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News Release

Tuesday, October 16, 2001

Media Relations

Personal Security V


Los Angeles: Recently, there have been numerous calls for police service involving substances believed to be anthrax or other chemical or biological agents. Generally, these incidents have involved either letters sent via U.S. Mail or telephonic threats to particular individuals and buildings. In some incidents, the threat communication was combined with the actual dispersal of a hoax agent (e.g., a powder like substance). While all the calls in the Los Angeles area have, thus far, resulted in negative tests for these agents, the Department is empathetic to the fears and concerns being expressed by members of the community. It is the goal of the Los Angeles Police Department to engage in actions that will allay the fears and concerns of community members.


According to the United States Postal Service (USPS), the Federal Bureau of Investigation (FBI), and the Center for Disease Control (CDC), Anthrax is a Bacteria, which occurs naturally in cattle, sheep and other hoofed animals. Approximately 15-20 cases of Anthrax occur each year in the United States, usually among workers associated with hoofed animals. Anthrax is introduced to the body through scratches or abrasions of the skin and/or by inhaling the Anthrax spores. It can also be introduced to the body by eating insufficiently cooked infected meat. Inhalation of the Anthrax spores presents the greatest risk to humans. The incubation period is 1-7 days and the early symptoms include fever, fatigue, coughs and nausea. Direct person-to- person spread of Anthrax is extremely unlikely, if it occurs at all. Anthrax can be treated with antibiotics. Adherence to the following safety tips will greatly reduce the chances of being afflicted with Anthrax.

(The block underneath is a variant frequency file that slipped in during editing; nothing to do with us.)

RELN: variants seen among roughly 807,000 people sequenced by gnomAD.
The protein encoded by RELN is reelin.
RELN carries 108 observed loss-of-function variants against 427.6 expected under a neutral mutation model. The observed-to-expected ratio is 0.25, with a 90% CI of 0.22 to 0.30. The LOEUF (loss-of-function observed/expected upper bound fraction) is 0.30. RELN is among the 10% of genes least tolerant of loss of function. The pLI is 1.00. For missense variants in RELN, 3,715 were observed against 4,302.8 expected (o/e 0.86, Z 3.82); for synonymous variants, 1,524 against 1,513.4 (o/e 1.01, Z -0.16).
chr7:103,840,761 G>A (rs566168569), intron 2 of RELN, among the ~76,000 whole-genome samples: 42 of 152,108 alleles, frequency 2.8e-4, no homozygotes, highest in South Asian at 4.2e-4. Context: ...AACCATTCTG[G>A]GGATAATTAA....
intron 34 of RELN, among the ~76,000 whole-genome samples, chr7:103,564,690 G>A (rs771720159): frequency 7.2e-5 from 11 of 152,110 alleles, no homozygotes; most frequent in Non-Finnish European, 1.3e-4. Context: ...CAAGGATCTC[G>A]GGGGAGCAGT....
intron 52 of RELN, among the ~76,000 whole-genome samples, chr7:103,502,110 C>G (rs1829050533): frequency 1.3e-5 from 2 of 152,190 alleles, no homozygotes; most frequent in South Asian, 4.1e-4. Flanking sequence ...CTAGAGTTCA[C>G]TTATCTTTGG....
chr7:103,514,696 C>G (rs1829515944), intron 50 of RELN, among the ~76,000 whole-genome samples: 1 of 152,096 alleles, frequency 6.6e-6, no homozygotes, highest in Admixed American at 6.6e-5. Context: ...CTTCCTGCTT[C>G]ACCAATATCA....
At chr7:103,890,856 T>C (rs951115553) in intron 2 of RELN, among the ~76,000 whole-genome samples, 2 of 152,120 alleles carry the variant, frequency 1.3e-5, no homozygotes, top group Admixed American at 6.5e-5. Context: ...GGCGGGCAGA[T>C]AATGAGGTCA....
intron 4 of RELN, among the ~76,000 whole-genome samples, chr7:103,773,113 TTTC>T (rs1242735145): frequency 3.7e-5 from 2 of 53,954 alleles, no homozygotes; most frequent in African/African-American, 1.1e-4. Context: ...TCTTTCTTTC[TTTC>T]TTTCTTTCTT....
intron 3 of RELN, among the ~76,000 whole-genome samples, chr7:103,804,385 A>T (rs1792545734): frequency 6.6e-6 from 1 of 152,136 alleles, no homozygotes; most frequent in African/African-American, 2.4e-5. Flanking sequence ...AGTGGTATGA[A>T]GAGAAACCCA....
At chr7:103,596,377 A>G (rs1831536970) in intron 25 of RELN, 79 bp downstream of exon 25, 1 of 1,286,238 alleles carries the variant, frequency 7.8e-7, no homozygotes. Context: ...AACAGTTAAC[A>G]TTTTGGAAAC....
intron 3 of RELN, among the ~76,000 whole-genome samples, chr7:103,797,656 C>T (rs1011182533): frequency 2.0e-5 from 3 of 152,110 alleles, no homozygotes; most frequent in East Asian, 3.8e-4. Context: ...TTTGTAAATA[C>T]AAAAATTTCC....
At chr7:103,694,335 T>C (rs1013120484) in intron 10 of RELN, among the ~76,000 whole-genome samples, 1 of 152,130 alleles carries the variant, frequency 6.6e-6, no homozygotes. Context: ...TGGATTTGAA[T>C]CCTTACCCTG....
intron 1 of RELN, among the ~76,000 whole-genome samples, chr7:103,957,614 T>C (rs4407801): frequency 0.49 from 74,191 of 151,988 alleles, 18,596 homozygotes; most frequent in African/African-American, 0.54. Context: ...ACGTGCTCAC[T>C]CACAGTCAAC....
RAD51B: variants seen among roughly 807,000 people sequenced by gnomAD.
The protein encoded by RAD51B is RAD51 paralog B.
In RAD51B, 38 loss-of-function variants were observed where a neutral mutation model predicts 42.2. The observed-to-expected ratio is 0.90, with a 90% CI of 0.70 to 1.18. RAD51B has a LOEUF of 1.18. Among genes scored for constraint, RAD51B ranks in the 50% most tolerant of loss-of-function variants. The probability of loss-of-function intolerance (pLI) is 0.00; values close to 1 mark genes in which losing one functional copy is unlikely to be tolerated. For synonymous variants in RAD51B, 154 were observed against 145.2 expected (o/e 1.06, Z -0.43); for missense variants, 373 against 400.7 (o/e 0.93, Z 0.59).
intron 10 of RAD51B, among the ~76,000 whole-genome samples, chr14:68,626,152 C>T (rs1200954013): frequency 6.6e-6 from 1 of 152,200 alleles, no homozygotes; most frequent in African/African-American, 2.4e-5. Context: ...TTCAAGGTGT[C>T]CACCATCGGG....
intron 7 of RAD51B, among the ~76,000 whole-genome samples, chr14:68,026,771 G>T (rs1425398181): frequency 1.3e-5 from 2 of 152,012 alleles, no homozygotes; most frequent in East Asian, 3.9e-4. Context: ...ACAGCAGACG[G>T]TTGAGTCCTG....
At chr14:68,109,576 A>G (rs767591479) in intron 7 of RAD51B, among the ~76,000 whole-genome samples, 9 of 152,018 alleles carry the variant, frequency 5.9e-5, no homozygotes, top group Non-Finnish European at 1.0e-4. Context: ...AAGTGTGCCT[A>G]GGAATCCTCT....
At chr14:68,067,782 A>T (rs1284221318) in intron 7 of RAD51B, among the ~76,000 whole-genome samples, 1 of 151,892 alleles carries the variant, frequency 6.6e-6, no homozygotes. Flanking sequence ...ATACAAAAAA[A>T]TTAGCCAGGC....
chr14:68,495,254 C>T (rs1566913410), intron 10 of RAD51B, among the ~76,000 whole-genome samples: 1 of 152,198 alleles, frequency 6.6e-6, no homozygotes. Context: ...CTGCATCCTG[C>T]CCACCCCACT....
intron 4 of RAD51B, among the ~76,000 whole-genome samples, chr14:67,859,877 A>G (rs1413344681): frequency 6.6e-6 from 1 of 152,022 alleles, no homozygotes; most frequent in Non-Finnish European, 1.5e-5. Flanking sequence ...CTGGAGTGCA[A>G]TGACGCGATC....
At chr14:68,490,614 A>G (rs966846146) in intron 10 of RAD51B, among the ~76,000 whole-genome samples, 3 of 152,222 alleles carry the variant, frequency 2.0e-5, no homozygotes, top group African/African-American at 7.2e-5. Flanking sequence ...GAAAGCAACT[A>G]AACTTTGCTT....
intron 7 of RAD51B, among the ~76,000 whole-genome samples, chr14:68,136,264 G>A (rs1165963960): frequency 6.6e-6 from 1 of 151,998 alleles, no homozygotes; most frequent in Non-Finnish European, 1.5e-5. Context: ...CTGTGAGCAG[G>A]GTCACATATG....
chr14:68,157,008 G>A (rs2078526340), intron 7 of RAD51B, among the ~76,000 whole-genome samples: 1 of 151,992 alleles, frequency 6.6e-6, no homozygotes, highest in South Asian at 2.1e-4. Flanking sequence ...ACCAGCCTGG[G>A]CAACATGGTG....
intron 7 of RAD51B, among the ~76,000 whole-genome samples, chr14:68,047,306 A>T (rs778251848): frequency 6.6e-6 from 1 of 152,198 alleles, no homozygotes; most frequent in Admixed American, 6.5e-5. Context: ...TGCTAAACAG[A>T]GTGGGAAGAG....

According to the USPS, some typical characteristics Postal Inspectors have detected over the years, which ought to trigger suspicion or concern, include parcels that may:

  • Be Unexpected or from someone unfamiliar to you.
  • Be addressed to someone who no longer residing in your residence/no longer assigned to your organization or otherwise outdated (e.g., improper title).
  • Bear no return address, or one that can't be verified as legitimate.
  • Be of unusual weight, given its size, or be lopsided.
  • Be marked with restrictive endorsements, such as "Personal" or "Confidential".
  • Exhibit protruding wires, strange odors or stains.
  • Exhibit a City or State in the postmark that doesn't match the return address.

In the event you open a letter and you notice a substance which causes concern to you, place letter and envelope in a sealable plastic bag or container to limit further exposure. Wash your hands with soap and water and immediately notify your local community police station.

If you receive a suspicious parcel in the mail, Do Not Open It. Isolate it and call your local community police station. Notwithstanding the aforementioned, if you receive an item of mail that you simply do not wish to accept or open, write "Return to Sender" on the item and return it to the post office, or simply throw it away.

Additional information regarding Anthrax, its symptoms and effects and safety tips can be acquired by accessing the FBI's web site or the U.S.P.S. web site. Additionally, you may access the CDC's web site.

LAPD Police Chief Bernard C. Parks stated that, "While we encourage the community to return to a state of normalcy, following the recent attacks on our nation, it is important that we identify new standards for what is to be considered "normal". That is not to suggest that we shouldn’t go to the movies, malls, amusement parks, etc. Quite the contrary. We should continue doing those things, but with a renewed sense of vigilance and awareness of our surroundings as we go about the business of our daily lives. The purpose of these series of safety tips is to assist community members in this regard."

This media advisory was prepared by Police Officer Victoria Diaz, Media Relations Section, 213-485-3586.